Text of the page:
For most of my year, I got by with experiencing NZ as a relatively safe place. So much of the country is made up of farmland and small towns where you might not even have a key to your house. Yes, there are travelers everywhere so you do need to be careful, but for the most part I was fairly removed from feeling vulnerable or unsafe. I did have a couple food items stolen in one hostel, and a pair of trousers disappeared from my belongings at another, but I'd say two encounters with petty theft in a whole year is pretty darn good. I always kept my things packed away in my bag, even if I was staying in a hostel for more than a night. I preferred top bunks in busy hostels where I slept with a bag containing my laptop, wallet, and passport. On road trips I kept valuables with me - or, if necessary, hidden in the depths of my things. I lived by the notion of "out of sight, out of mind" and, near as I could tell, it worked. As they say, "opportunity creates a thief," so I made a good effort not to allow 'opportunity' to come knocking.

Friday, September 30, 2011

Getting Sick Abroad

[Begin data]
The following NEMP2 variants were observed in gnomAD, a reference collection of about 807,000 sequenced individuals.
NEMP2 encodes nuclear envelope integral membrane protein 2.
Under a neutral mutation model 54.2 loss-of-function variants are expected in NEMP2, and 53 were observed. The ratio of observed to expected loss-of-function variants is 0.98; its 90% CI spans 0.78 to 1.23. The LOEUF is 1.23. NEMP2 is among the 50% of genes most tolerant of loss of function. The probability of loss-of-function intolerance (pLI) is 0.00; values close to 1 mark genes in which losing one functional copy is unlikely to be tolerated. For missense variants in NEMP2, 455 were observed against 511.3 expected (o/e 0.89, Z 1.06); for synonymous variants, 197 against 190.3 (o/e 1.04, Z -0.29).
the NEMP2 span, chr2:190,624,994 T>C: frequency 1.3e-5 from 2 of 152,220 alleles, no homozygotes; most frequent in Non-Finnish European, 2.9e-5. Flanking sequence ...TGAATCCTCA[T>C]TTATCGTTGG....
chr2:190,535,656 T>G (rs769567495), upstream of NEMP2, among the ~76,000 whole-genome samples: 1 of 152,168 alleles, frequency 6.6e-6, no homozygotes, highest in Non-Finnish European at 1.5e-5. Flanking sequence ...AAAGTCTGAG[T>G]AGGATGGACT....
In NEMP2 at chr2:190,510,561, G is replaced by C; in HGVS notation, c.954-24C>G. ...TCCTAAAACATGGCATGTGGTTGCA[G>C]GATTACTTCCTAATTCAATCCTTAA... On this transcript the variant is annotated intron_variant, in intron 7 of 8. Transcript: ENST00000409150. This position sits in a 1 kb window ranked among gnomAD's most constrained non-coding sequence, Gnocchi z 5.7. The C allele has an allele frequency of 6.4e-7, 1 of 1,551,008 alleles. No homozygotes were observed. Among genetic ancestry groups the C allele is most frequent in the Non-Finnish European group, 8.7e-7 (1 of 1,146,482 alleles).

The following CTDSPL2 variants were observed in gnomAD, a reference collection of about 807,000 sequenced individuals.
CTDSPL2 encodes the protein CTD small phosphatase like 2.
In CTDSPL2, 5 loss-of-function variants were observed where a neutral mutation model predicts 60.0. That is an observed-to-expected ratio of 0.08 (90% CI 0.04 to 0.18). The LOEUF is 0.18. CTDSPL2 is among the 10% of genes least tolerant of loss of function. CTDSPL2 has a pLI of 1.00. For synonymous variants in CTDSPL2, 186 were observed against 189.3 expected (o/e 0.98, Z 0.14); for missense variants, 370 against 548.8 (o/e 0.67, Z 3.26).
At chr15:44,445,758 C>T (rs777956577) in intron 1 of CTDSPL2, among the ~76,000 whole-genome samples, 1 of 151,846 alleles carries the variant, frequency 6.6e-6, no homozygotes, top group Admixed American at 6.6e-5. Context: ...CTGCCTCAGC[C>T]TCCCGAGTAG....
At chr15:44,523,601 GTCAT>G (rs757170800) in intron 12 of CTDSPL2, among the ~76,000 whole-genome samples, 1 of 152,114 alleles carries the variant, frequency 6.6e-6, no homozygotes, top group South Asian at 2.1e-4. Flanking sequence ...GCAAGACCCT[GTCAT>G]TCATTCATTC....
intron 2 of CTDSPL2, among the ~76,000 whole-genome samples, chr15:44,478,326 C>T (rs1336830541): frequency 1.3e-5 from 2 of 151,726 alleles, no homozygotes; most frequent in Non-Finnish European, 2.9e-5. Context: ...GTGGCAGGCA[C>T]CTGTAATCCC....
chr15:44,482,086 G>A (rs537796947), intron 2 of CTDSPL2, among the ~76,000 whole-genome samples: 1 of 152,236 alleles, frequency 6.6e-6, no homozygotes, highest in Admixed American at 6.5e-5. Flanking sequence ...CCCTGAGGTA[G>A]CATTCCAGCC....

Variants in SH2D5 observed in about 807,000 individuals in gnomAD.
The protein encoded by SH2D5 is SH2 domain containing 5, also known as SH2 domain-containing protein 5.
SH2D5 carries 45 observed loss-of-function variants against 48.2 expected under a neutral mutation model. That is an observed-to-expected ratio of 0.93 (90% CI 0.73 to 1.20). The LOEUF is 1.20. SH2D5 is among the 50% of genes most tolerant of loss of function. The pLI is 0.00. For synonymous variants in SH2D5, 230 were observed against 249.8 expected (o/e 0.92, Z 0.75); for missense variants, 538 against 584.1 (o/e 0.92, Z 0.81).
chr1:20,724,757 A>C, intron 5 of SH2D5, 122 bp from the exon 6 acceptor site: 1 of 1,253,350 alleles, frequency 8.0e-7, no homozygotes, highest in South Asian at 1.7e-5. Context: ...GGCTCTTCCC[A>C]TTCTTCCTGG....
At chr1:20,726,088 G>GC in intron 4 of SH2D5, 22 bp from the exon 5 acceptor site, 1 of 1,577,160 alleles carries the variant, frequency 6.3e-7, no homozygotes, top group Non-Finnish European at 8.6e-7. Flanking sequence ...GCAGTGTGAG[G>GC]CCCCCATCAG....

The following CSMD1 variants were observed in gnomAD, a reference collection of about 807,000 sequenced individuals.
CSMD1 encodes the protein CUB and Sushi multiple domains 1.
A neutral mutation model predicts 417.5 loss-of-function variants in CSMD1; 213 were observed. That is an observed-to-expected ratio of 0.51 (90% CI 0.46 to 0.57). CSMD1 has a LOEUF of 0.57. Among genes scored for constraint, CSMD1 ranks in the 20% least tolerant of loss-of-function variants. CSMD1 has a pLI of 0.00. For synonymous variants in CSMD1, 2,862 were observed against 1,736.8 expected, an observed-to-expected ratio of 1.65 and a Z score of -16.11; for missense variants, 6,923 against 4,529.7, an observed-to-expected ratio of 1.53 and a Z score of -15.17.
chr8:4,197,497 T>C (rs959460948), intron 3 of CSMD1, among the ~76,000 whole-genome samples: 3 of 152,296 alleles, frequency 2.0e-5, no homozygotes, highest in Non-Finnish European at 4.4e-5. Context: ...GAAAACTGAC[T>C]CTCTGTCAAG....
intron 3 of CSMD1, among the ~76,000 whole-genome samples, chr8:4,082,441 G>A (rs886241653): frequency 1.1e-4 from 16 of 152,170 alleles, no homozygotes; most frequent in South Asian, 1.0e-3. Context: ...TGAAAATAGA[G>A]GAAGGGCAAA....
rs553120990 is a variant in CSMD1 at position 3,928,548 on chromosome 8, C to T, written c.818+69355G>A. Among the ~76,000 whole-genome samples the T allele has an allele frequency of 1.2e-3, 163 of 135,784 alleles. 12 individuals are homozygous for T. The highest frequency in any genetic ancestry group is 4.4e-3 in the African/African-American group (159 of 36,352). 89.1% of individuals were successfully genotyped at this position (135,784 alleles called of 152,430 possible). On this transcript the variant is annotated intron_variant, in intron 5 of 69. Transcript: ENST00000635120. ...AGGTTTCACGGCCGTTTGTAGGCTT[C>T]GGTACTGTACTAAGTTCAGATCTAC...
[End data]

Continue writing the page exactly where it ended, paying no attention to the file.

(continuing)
Have you ever had those moments where you can almost hear yourself mumbling “I want my mommy”? You know the times. You have moved out of the “nest” and are mean to be taking care of yourself. You’re quite happy going about your life until suddenly you are struck down by some foreign germs taking over your body. It all starts with a bit of a sore throat, but you might be convinced it’ll disappear with some tea and a good night’s sleep. Then the congestion comes and brings along the ache in your head. You leave work early to walk slowly to the store and stock up on tea, honey, lemon juice, throat lozenges, and soup.  Then you realize that’s not enough and add in some extra vitamin c, echinacea, ibuprofen, and Tylenol. Only, you’re in a foreign country and can’t find the Tylenol – apparently in NZ it’s called Paracetamol. You gather your pile into your backpack, but when you think about walking 2km home up a couple big hills, you burst into tears. You’re just too weak. You gather your emotions long enough to call your flatmate, who actually answers for once, and then wait there pathetically to be rescued. You force yourself to eat some soup, put yourself to bed at 6pm and wake up thirsty and aching in the middle of the night. You’re too stuffed up to breathe, it hurts like crazy to swallow, and it’s all you can do to get through the night.